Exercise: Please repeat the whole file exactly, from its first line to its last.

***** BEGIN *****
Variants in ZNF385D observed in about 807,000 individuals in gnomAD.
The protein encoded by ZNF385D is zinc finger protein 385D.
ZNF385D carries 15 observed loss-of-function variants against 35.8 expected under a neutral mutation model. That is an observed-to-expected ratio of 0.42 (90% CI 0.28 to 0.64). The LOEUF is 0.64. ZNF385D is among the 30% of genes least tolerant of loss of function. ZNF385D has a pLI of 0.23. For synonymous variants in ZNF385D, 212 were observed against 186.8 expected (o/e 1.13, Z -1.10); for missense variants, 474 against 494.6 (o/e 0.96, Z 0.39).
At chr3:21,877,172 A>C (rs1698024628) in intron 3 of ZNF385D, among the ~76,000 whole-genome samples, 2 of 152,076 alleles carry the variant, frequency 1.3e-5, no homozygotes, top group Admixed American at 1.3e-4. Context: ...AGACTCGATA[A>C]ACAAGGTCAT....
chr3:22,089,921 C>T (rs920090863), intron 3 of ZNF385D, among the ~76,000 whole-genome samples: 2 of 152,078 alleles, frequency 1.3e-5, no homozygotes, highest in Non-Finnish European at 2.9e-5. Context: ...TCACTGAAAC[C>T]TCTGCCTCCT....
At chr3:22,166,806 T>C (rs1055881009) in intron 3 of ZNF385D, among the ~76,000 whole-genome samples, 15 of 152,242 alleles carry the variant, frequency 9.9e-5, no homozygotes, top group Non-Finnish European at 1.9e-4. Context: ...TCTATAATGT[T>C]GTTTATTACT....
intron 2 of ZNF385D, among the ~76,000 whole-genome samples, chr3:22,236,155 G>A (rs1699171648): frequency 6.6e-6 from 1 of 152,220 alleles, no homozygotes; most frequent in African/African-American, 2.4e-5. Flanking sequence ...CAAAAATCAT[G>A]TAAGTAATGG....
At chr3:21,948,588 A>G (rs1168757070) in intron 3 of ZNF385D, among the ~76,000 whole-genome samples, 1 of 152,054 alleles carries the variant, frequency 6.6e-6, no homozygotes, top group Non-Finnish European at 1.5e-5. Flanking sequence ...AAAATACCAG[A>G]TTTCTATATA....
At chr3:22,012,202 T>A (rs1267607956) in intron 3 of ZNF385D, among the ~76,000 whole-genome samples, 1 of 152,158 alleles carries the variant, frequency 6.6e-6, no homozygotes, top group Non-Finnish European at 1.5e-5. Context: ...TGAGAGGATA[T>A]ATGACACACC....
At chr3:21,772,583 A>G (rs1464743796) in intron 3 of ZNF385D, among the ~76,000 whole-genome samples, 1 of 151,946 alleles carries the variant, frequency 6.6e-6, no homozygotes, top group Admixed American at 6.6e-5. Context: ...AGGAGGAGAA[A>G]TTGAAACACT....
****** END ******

Variants in ZNF385D observed in about 807,000 individuals in gnomAD.
The protein encoded by ZNF385D is zinc finger protein 385D.
ZNF385D carries 15 observed loss-of-function variants against 35.8 expected under a neutral mutation model. That is an observed-to-expected ratio of 0.42 (90% CI 0.28 to 0.64). The LOEUF is 0.64. ZNF385D is among the 30% of genes least tolerant of loss of function. ZNF385D has a pLI of 0.23. For synonymous variants in ZNF385D, 212 were observed against 186.8 expected (o/e 1.13, Z -1.10); for missense variants, 474 against 494.6 (o/e 0.96, Z 0.39).
At chr3:21,877,172 A>C (rs1698024628) in intron 3 of ZNF385D, among the ~76,000 whole-genome samples, 2 of 152,076 alleles carry the variant, frequency 1.3e-5, no homozygotes, top group Admixed American at 1.3e-4. Context: ...AGACTCGATA[A>C]ACAAGGTCAT....
chr3:22,089,921 C>T (rs920090863), intron 3 of ZNF385D, among the ~76,000 whole-genome samples: 2 of 152,078 alleles, frequency 1.3e-5, no homozygotes, highest in Non-Finnish European at 2.9e-5. Context: ...TCACTGAAAC[C>T]TCTGCCTCCT....
At chr3:22,166,806 T>C (rs1055881009) in intron 3 of ZNF385D, among the ~76,000 whole-genome samples, 15 of 152,242 alleles carry the variant, frequency 9.9e-5, no homozygotes, top group Non-Finnish European at 1.9e-4. Context: ...TCTATAATGT[T>C]GTTTATTACT....
intron 2 of ZNF385D, among the ~76,000 whole-genome samples, chr3:22,236,155 G>A (rs1699171648): frequency 6.6e-6 from 1 of 152,220 alleles, no homozygotes; most frequent in African/African-American, 2.4e-5. Flanking sequence ...CAAAAATCAT[G>A]TAAGTAATGG....
At chr3:21,948,588 A>G (rs1168757070) in intron 3 of ZNF385D, among the ~76,000 whole-genome samples, 1 of 152,054 alleles carries the variant, frequency 6.6e-6, no homozygotes, top group Non-Finnish European at 1.5e-5. Flanking sequence ...AAAATACCAG[A>G]TTTCTATATA....
At chr3:22,012,202 T>A (rs1267607956) in intron 3 of ZNF385D, among the ~76,000 whole-genome samples, 1 of 152,158 alleles carries the variant, frequency 6.6e-6, no homozygotes, top group Non-Finnish European at 1.5e-5. Context: ...TGAGAGGATA[T>A]ATGACACACC....
At chr3:21,772,583 A>G (rs1464743796) in intron 3 of ZNF385D, among the ~76,000 whole-genome samples, 1 of 151,946 alleles carries the variant, frequency 6.6e-6, no homozygotes, top group Admixed American at 6.6e-5. Context: ...AGGAGGAGAA[A>G]TTGAAACACT....